Note from Hitler’s dad found in an attic shows how the future Nazi monster had a bulging bank book.
Third Rich: Adolf Hitler Had Cash Worth $12,000 When He Was Only Six, Unearthed Letter Reveals
LINZ, Austria – Letters written by Adolf Hitler’s father that were recently discovered in an Austrian attic reveal fascinating insights into the Nazi dictator’s early childhood.
It is believed that at the tender age of six, Hitler had over $12,000 in his savings account.
“A lady told me she had found letters from Adolf Hitler’s father in her attic that were addressed to her great-great-grandfather Josef Radlegger” said Roman Sandgruber, emeritus professor at the University of Linz in Upper Austria.
“It is undoubtedly a lucky coincidence that the letters survived the Nazi era and the [Allied] occupation, and that their historical value was recognized by the finder,” said Sandgruber.
Sandgruber explained that until today, there was hardly any reliable information about Adolf Hitler’s father or about the dictator’s childhood and youth in Upper Austria, which accounts for a third of his life.
Professor Sandgruber added that personal testimonials had disappeared after World War II and the “statements of contemporary witnesses are notoriously unreliable”.
Speaking about the trove of letters, a historical treasure that historians are keen to examine first hand, he said: “The 31 letters and documents date from 1895 and were written when Alois Hitler, then 60, bought the Rauschergut farm near the market town of Lambach from Joseph Radlegger, just before his retirement as a customs officer.”
The letters deal with the financial settlement of the sale of the farm and provide readers with a glimpse into the finances of the Hitler family.
“Adolf was six years old at the time and was just starting school. The most important thing reported about Adolf is his savings book, which boasted the rather high sum of 500 guilders, which is at least EUR 10,000 ($12,000) in today’s money,” said Sandgruber.
“Letters provide very dense information about the family’s finances, intra-family relationships, life on the farm they had just bought, and their difficulties in financing this purchase. One learns a lot about the thoughts and character of Adolf’s father, his relationship with his wife, and with the servants and some friends.”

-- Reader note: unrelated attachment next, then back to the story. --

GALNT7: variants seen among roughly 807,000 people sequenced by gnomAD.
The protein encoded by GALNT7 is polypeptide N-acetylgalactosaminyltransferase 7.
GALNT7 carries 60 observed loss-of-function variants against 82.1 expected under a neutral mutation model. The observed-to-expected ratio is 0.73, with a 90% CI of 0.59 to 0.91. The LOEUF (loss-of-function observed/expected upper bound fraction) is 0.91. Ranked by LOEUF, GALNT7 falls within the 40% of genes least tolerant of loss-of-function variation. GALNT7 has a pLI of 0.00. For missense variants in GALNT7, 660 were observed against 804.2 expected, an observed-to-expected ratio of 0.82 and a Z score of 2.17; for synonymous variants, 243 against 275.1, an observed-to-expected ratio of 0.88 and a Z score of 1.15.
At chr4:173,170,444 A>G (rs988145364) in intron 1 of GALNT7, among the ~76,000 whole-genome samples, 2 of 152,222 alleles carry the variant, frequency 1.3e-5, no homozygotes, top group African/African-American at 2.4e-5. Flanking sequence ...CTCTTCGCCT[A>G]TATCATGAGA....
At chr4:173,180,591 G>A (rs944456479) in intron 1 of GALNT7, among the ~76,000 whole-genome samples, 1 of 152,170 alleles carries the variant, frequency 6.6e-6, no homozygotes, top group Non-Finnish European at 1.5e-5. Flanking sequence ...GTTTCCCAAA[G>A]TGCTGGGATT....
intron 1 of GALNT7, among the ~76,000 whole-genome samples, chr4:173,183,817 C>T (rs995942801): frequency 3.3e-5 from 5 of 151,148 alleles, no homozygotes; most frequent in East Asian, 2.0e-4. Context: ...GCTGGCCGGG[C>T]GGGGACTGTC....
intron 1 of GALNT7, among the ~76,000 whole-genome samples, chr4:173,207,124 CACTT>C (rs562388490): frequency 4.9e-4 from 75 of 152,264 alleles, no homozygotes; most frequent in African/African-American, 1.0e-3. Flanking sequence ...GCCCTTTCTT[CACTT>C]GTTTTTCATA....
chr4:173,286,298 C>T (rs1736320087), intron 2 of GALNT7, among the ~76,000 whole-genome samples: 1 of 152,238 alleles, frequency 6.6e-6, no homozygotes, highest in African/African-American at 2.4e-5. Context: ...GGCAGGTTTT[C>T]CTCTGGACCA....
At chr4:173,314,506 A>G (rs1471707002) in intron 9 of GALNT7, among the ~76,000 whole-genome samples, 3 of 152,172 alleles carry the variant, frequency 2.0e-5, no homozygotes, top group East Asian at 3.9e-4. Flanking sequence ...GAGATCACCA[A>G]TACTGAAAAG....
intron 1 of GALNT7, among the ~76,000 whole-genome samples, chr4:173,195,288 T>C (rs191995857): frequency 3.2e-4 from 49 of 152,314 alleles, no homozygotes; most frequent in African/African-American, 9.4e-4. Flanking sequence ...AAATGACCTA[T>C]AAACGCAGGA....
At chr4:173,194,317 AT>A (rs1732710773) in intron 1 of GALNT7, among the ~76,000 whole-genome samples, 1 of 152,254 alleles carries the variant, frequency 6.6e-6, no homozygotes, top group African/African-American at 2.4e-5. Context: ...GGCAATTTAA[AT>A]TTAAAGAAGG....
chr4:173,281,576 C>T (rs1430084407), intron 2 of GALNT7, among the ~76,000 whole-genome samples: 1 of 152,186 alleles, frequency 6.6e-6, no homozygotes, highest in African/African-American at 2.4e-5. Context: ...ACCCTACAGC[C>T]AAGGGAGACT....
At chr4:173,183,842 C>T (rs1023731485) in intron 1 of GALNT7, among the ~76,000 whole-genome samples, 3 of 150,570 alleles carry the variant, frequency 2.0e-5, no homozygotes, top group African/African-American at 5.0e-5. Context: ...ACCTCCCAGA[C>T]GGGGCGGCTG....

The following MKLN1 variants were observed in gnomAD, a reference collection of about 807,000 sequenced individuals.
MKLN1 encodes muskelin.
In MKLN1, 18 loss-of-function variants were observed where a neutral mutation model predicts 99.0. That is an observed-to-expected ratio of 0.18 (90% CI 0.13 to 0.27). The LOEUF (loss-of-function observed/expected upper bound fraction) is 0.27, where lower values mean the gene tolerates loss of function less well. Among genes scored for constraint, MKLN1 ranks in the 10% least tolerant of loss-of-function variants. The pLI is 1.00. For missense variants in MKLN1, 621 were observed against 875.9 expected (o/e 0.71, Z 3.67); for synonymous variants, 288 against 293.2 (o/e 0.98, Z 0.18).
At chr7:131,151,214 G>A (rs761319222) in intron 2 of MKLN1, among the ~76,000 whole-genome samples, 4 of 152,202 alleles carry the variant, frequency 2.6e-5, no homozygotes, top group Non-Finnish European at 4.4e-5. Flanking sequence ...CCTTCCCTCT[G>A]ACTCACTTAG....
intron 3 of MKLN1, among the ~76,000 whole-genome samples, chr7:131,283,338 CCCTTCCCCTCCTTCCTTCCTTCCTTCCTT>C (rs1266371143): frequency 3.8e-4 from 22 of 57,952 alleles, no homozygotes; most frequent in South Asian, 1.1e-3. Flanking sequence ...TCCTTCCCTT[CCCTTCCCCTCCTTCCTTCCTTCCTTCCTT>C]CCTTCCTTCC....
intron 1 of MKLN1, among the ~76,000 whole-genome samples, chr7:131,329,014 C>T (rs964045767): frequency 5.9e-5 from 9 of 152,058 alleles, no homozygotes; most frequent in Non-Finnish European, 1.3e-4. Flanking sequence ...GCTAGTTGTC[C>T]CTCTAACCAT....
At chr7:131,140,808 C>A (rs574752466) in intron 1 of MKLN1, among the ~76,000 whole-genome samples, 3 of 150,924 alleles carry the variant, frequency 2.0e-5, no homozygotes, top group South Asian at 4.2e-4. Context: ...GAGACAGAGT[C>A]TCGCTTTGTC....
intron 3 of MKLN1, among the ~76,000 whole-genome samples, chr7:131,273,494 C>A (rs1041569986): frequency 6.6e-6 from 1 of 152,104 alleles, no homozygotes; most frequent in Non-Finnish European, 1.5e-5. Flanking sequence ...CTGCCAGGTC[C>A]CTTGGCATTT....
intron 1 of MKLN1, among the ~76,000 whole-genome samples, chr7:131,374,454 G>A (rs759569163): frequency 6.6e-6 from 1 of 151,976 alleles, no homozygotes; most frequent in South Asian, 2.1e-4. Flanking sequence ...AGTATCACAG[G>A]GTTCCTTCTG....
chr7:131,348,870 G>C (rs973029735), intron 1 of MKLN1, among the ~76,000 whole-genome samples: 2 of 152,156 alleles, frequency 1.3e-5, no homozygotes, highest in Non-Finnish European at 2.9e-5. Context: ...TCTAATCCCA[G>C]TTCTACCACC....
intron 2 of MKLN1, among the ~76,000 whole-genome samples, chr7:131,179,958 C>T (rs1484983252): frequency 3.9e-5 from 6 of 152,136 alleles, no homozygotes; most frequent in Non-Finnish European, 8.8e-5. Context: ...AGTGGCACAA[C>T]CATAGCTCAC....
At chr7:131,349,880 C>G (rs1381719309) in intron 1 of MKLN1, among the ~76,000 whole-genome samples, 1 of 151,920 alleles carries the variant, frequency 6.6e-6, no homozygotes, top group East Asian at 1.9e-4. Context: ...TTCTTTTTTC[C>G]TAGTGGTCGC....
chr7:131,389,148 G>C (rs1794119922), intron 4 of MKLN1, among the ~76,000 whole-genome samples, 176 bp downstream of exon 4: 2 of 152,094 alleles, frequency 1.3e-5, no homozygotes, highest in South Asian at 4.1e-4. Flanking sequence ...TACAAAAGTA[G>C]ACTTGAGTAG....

Sandgruber said the letters were authentic and he has scientifically examined them. “The letters will be handed over to one of the historical institutions in Linz and will be freely available for research in the future.”
“Adolf Hitler was a native of Austria and born on April 20, 1889, at Braunau-am-Inn; on the Bavarian border. After his father’s retirement from the Hapsburg customs service, Adolf Hitler spent most of his childhood in the neighborhood of Linz, the capital of Upper Austria” as per a book titled “Hitler, A Study In Tyranny”.
Adolf grew up to become an Austrian-born German politician. He rose to power as the leader of the Nazi party.
“Adolf Hitler was appointed chancellor of Germany in 1933 following a series of electoral victories by the Nazi Party. The Nazis were responsible for the Holocaust, which targeted Jews in Europe. Between 1941 and 1945, about 6 million Jews were murdered in Europe. This was roughly two-thirds of Europe’s Jewish population.” as per the national WWII museum.
Estimates vary, but it is believed that approximately 75 million people died during World War II.
(Edited by Ojaswin Kathuria and Gaurab Dasgupta. Map by Urvashi Makwana.)